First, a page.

Todd: So Carla, you lived in Africa.
Carla: We got married in Africa.
Carla: And we moved to Nigeria. As I told you before, we got married in Ghana, and we moved to Nigeria. And our kids were born in Nigeria. But I wanna tell you a little bit about before our kids were born, because we lived in a place, a small small village that had no running water, no electricity, we could buy fresh food once a week. That means there were no toilettes, so the people used the rocks and the bushes around the village. Maybe that's too graphic, is that too graphic?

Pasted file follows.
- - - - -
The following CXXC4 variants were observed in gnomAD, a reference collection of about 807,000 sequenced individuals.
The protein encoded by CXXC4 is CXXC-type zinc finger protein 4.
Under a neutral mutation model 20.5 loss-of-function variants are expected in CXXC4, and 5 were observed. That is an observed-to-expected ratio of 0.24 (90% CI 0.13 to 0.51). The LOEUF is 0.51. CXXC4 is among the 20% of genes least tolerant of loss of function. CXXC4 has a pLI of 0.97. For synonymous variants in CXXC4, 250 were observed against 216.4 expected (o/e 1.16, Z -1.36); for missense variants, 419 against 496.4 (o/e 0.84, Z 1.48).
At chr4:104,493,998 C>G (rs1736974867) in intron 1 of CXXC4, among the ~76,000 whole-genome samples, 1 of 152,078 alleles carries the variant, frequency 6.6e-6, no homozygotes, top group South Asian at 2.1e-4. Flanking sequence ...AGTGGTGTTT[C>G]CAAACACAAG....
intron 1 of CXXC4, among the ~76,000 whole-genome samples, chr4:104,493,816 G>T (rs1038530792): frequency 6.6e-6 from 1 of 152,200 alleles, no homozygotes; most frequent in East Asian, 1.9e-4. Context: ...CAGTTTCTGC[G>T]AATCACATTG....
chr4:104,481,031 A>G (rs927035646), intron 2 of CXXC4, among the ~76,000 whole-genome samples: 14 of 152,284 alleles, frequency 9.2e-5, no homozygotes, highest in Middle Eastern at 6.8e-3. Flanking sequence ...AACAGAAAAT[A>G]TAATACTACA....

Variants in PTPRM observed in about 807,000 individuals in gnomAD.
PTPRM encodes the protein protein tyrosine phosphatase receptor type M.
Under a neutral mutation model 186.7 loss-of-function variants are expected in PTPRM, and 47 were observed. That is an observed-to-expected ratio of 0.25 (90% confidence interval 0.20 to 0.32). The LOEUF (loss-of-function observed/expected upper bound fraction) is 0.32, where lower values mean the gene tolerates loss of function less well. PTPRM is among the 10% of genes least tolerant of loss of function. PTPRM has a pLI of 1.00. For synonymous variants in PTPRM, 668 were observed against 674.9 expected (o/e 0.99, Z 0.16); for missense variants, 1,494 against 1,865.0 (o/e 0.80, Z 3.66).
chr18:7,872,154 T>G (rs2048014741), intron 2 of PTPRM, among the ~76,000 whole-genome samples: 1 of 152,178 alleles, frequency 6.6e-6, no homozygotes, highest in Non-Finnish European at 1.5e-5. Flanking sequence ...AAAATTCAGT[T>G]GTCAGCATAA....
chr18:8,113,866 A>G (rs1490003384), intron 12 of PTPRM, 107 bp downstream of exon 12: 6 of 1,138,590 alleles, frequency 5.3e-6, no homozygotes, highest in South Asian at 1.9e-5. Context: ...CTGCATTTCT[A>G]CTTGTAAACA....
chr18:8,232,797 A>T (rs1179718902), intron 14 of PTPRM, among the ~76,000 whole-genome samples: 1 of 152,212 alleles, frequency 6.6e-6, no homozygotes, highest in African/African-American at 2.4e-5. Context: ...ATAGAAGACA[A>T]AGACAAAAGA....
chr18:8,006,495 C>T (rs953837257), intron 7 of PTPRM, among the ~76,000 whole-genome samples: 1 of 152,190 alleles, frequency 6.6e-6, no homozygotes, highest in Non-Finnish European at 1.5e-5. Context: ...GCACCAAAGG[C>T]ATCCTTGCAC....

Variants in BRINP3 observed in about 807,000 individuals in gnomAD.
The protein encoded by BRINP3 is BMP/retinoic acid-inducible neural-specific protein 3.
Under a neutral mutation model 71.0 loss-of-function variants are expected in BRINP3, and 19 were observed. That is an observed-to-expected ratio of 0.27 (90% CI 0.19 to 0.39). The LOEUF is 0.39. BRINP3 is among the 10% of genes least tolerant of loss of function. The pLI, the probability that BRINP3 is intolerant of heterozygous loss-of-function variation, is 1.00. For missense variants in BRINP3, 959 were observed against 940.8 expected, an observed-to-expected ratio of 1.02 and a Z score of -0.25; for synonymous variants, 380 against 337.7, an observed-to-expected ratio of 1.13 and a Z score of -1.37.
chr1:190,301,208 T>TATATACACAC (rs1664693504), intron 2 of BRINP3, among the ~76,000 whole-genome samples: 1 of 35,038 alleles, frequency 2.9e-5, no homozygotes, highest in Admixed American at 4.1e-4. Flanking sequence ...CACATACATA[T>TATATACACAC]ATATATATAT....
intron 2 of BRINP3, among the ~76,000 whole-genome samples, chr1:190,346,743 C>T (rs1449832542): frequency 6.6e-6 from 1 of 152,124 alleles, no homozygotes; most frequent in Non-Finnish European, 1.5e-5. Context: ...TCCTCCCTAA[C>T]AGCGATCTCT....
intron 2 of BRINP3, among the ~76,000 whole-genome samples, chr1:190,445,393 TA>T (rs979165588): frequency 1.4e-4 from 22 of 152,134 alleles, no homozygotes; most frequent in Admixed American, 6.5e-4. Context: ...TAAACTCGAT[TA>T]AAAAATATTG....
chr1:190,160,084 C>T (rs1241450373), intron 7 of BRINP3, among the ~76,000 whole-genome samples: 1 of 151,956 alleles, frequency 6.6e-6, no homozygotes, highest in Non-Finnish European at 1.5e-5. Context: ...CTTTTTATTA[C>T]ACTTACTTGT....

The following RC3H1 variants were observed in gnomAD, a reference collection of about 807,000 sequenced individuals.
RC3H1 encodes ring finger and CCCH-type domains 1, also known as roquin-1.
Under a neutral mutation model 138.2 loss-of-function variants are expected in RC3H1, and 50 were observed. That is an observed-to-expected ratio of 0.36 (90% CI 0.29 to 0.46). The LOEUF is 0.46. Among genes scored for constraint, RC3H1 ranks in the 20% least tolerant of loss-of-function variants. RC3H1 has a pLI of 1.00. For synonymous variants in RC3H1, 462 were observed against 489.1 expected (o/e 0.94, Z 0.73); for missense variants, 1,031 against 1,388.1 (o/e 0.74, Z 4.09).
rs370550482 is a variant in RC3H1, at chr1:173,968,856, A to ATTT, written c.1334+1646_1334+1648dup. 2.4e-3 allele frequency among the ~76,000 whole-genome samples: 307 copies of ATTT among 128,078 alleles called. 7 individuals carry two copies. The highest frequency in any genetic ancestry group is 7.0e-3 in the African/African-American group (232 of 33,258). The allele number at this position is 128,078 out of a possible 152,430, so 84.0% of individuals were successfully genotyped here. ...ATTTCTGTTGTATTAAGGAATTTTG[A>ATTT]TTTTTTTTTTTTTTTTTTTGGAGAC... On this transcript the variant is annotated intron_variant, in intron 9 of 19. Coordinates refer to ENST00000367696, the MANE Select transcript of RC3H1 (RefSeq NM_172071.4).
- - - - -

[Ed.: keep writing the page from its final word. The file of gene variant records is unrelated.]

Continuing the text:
Todd: No no no no.
Carla: And, we had to pump our water out of a well. And at night we would pump one bucket full of water, and it would be half full of silt by the next morning the kind of muddy silt would have sunk to the bottom. And then we would pour off the clear water off the top. And it was a bad drought year in 1976. And we had to, we would cook our vegetables and then drain off the water and then use the water, reuse the water to wash the dishes and even to wash our clothes. And we had just enough water to. Fresh water we kept for drinking. Washing ourselves, washing our vegetables, cooking, washing the dishes, we used, reused vegetable water. And I had, we had no electricity so I cooked a stew once a week. And twice or three times a day I had to, we had to heat the stew up again, boil it to kill all the germs. Otherwise, it would've poisoned us.
Carla: But in that year that we lived there, I think we were healthier than we had ever been before, or since.